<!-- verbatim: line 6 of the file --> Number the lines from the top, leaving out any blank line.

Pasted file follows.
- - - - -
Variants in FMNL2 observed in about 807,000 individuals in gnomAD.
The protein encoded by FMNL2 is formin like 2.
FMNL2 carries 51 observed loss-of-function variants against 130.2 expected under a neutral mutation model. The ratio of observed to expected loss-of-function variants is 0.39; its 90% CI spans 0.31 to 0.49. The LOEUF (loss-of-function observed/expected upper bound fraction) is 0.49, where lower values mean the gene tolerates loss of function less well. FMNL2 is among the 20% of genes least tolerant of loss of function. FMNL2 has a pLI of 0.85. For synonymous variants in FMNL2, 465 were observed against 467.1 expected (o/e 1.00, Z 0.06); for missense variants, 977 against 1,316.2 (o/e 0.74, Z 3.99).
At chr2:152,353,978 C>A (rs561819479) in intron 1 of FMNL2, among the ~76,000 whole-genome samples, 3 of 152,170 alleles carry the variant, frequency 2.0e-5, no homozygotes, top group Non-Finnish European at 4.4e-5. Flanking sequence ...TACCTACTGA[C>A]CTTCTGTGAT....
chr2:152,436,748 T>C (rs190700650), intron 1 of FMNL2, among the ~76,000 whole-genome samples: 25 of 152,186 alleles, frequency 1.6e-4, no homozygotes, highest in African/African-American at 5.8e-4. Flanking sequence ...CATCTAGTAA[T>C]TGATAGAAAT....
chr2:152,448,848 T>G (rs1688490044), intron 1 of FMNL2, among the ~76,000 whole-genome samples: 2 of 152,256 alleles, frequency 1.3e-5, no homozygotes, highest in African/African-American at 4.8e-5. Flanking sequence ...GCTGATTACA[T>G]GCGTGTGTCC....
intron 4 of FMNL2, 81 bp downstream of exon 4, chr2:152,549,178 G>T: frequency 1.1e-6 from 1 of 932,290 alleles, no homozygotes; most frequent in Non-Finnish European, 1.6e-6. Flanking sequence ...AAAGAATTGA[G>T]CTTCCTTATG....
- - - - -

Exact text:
chr2:152,448,848 T>G (rs1688490044), intron 1 of FMNL2, among the ~76,000 whole-genome samples: 2 of 152,256 alleles, frequency 1.3e-5, no homozygotes, highest in African/African-American at 4.8e-5. Flanking sequence ...GCTGATTACA[T>G]GCGTGTGTCC....